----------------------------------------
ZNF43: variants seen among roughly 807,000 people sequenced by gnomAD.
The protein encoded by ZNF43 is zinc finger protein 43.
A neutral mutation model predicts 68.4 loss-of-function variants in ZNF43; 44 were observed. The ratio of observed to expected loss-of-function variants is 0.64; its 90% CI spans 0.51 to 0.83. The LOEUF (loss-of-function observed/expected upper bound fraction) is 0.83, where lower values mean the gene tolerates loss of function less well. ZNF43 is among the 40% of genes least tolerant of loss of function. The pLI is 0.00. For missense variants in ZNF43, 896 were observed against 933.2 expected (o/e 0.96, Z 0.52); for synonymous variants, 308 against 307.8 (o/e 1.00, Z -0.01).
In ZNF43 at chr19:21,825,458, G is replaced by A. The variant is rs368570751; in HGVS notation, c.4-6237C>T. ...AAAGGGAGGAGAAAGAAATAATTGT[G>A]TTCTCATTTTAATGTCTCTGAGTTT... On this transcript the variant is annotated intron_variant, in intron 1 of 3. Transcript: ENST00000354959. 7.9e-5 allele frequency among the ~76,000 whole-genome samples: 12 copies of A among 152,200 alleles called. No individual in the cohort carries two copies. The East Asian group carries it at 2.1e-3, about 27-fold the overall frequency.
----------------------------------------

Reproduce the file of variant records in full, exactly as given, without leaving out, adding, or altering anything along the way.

ZNF43: variants seen among roughly 807,000 people sequenced by gnomAD.
The protein encoded by ZNF43 is zinc finger protein 43.
A neutral mutation model predicts 68.4 loss-of-function variants in ZNF43; 44 were observed. The ratio of observed to expected loss-of-function variants is 0.64; its 90% CI spans 0.51 to 0.83. The LOEUF (loss-of-function observed/expected upper bound fraction) is 0.83, where lower values mean the gene tolerates loss of function less well. ZNF43 is among the 40% of genes least tolerant of loss of function. The pLI is 0.00. For missense variants in ZNF43, 896 were observed against 933.2 expected (o/e 0.96, Z 0.52); for synonymous variants, 308 against 307.8 (o/e 1.00, Z -0.01).
In ZNF43 at chr19:21,825,458, G is replaced by A. The variant is rs368570751; in HGVS notation, c.4-6237C>T. ...AAAGGGAGGAGAAAGAAATAATTGT[G>A]TTCTCATTTTAATGTCTCTGAGTTT... On this transcript the variant is annotated intron_variant, in intron 1 of 3. Transcript: ENST00000354959. 7.9e-5 allele frequency among the ~76,000 whole-genome samples: 12 copies of A among 152,200 alleles called. No individual in the cohort carries two copies. The East Asian group carries it at 2.1e-3, about 27-fold the overall frequency.